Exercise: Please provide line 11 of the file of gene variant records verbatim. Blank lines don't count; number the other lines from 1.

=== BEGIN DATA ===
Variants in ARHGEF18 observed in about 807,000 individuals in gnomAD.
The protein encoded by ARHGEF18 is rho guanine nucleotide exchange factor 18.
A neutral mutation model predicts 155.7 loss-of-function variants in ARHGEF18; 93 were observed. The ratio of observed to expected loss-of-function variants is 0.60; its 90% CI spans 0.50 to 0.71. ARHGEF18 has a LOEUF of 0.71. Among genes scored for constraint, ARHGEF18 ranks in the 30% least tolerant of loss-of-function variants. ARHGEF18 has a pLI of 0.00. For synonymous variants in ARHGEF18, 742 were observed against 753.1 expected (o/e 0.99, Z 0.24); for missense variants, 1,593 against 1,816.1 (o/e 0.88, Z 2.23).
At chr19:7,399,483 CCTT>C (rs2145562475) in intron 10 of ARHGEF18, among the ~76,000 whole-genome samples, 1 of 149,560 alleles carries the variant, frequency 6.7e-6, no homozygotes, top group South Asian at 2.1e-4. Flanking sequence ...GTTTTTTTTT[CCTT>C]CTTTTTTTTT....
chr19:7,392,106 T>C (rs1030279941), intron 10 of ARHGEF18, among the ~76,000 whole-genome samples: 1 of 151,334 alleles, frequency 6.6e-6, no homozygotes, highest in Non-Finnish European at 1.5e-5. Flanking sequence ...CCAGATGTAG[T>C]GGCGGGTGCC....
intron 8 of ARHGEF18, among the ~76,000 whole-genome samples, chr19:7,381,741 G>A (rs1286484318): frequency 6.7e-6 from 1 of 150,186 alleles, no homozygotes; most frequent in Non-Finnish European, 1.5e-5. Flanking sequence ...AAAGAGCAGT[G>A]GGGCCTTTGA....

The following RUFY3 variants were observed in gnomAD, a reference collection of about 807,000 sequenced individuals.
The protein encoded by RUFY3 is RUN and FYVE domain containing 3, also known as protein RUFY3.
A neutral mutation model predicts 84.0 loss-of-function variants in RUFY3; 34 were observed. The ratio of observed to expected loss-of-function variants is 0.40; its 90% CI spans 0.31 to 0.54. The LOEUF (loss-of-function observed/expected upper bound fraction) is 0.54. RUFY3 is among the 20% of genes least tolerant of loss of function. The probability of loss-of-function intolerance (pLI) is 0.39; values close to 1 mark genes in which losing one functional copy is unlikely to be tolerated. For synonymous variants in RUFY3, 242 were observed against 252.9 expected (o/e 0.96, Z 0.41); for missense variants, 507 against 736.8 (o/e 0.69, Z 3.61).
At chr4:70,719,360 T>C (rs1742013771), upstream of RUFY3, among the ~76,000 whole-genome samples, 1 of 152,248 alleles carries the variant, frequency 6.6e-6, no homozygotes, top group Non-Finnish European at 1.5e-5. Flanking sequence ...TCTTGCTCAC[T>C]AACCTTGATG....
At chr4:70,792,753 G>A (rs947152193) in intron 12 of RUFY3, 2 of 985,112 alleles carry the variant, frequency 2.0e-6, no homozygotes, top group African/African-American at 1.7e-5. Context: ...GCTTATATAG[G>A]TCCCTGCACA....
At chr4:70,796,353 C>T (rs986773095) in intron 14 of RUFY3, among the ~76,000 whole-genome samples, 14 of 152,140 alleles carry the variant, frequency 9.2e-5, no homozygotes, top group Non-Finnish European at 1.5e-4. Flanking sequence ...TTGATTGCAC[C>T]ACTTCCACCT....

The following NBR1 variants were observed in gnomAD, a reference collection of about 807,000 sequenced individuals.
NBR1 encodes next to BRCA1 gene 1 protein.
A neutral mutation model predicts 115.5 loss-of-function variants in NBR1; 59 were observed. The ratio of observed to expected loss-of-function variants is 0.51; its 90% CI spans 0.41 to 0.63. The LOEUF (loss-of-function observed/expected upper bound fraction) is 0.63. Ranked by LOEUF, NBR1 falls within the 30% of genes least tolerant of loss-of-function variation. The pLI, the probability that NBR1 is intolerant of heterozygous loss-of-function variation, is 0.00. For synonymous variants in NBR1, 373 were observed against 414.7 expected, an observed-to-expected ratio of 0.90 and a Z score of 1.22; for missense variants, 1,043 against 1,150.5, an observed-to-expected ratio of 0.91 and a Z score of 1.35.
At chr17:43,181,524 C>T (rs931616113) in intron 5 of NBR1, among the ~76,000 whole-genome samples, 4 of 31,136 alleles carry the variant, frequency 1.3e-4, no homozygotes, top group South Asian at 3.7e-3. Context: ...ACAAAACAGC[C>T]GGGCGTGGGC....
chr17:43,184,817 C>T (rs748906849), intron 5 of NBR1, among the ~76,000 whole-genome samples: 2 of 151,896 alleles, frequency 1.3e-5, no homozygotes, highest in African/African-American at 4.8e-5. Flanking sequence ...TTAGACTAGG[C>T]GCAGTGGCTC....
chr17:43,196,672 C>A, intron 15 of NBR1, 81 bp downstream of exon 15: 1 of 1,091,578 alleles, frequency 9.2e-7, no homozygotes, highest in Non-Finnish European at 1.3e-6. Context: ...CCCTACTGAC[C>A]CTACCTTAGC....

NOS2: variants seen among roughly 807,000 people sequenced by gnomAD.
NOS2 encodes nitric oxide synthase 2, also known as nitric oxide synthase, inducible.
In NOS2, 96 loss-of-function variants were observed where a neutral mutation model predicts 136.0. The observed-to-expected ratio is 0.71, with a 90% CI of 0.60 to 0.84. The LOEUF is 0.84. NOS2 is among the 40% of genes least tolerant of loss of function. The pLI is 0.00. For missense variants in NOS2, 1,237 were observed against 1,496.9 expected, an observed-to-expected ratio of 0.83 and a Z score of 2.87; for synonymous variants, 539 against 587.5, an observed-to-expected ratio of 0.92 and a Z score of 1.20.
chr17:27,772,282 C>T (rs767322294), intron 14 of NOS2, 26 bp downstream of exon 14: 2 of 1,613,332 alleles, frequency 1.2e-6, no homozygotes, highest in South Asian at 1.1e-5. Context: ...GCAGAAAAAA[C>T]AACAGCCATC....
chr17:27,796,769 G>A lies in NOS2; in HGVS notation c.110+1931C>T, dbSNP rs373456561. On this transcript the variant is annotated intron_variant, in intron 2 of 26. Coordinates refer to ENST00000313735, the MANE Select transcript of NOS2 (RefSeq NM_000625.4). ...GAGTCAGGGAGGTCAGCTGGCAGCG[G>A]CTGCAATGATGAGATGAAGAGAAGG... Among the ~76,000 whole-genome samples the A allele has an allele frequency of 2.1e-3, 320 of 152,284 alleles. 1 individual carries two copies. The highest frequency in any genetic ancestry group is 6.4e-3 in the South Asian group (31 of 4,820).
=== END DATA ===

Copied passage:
At chr4:70,792,753 G>A (rs947152193) in intron 12 of RUFY3, 2 of 985,112 alleles carry the variant, frequency 2.0e-6, no homozygotes, top group African/African-American at 1.7e-5. Context: ...GCTTATATAG[G>A]TCCCTGCACA....